Welcome back to the world of blockbuster filmmaking, James Cameron. As your "Avatar" continues its [article id="1629437"]record-setting course[/article] past a billion box-office bucks and into a stratosphere previously occupied only by, well, yourself in 1997 with all-time champ "Titanic" ... it's time for the backlash to begin.
These days, anything that successfully harnesses the public's imagination — from "Twilight" to Kanye to "American Idol" — faces a rapidly deteriorating honeymoon period followed by an extended frame spent defending itself against the haters. Now, as "Avatar" continues to accumulate #1 weekends, we take a look at a few key factions of society and where they stand on the film that is reshaping moviemaking as we know it.
The Geeks - After a [article id="1628602"]lengthy period spent obsessively critiquing advance trailers[/article] and making endless "FernGully" jokes, the geek media has come to embrace "Avatar" as one of its own. These days, most talk online is of the supportive variety, from eager speculation over deleted scenes to hopes for "Avatar" sequels. Boy, things sure can change quickly in just a few weeks.
The Vatican - The home of the Roman Catholic Church and its billion members recently gave a big thumbs-down to James Cameron's sci-fi epic. Both the official newspaper and radio station of the Vatican have slammed the film, singling out the film's worship of ecology as paying too much attention to a false god. "[The film] cleverly winks at all those pseudo-doctrines that turn ecology into the religion of the millennium," explained Vatican Radio. "Nature is no longer a creation to defend, but a divinity to worship." Meanwhile, newspaper L'Osservatore Romano wrote that the film "gets bogged down by a spiritualism linked to the worship of nature." Sure, they don't hate it as much as "The Last Temptation of Christ," but the message is clear: "Avatar" won't be playing in the community center at your local church anytime soon.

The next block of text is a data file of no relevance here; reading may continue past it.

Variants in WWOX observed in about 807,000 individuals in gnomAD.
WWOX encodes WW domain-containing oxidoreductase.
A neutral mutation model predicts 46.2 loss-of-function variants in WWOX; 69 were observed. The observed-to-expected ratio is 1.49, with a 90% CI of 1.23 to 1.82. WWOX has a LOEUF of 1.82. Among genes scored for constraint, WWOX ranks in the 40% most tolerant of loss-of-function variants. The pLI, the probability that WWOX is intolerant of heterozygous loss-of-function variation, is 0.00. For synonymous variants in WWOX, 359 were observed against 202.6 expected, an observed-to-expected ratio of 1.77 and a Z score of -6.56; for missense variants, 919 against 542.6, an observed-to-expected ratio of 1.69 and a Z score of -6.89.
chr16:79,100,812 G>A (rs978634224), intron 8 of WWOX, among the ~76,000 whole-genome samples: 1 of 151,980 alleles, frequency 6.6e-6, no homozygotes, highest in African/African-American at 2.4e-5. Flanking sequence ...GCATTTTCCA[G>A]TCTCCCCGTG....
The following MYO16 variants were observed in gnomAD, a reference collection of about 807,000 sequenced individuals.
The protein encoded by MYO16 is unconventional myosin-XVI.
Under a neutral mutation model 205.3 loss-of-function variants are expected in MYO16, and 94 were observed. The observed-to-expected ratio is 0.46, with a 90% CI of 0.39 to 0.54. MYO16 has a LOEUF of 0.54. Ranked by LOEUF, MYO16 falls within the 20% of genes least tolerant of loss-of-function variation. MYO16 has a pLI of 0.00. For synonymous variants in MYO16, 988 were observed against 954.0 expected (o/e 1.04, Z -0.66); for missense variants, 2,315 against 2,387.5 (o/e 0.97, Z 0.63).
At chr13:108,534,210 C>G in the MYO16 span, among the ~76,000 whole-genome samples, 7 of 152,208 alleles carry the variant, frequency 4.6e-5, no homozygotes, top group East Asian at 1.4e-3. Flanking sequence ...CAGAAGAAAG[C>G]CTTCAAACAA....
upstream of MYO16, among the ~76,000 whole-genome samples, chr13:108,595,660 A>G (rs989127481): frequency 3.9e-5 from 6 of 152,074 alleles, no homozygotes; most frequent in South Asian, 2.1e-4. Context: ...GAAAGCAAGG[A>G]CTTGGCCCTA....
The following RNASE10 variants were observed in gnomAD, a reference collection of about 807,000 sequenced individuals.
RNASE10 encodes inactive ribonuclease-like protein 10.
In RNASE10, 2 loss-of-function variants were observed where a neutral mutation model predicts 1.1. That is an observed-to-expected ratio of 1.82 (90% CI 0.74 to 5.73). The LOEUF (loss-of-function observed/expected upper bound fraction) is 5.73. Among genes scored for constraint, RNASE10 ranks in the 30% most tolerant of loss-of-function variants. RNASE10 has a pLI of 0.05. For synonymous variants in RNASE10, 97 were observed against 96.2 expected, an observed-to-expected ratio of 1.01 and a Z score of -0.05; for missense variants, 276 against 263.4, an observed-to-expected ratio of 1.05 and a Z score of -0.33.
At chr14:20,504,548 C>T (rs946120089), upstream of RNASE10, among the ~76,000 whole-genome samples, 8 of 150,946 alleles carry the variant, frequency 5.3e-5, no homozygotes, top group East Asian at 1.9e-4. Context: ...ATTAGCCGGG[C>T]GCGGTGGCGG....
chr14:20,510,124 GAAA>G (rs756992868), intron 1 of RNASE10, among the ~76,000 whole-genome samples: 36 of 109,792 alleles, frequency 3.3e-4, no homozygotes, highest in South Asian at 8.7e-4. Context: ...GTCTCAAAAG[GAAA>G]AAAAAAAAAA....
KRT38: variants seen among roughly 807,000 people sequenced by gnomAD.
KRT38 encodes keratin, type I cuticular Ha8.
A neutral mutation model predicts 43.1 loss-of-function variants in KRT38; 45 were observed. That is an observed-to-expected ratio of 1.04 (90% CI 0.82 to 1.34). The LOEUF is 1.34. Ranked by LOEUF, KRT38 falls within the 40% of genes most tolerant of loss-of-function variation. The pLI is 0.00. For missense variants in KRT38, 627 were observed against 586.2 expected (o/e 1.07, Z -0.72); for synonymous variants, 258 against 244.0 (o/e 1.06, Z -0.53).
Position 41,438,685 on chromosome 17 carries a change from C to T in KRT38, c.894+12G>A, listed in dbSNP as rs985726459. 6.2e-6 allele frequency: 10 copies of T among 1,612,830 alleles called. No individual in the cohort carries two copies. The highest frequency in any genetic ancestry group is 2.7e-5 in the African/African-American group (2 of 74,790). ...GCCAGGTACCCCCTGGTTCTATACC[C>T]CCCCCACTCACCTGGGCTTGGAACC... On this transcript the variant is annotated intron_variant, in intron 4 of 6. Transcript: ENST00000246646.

The Awards Voters - Although few had been mentioning "Avatar" in their awards-season previews as they instead spent early 2009 focusing on such now long-gone Oscar bait as "The Informant!" and "Amelia," Cameron's blockbuster has followed in the footsteps of "Titanic" in more ways than one. The film will compete for four Golden Globes this weekend and seems virtually assured of a Best Picture nomination now that Oscar is choosing 10 nominees this year. Considering Hollywood's desire to get mainstream audiences to tune in for their "stuffy" awards shows, don't be surprised if the momentum continues to build.
The Old-Schoolers - Sci-fi plotlines, big blue people and the notion that 3-D technology will save Hollywood are all easy to make fun of — a billion dollars, however, is not. So, folks who like their movies with human actors reflecting everyday society and staying on the screen are understandably a bit defensive these days. If the entire industry continues leaning toward films like "Avatar," what does that do for the next "Before Sunrise"? It's an interesting question — and one that can be heard being debated in theater lobbies nationwide.
The Filmmakers - Steven Spielberg has called "Avatar" the "most evocative and amazing science-fiction movie since 'Star Wars.' " Jon Favreau compared Cameron to "P.T. Barnum in the sense that he likes to put on a big show." The Directors Guild of America recently nominated the filmmaker for Best Director for 2009. Love it or hate it, the filmmakers have taken notice of what they think might be a from-the-future phenomenon, and thinking about what some of our top directors could do with the tools of "Avatar" is absolutely mind-boggling.
Check out everything we've got on "Avatar."
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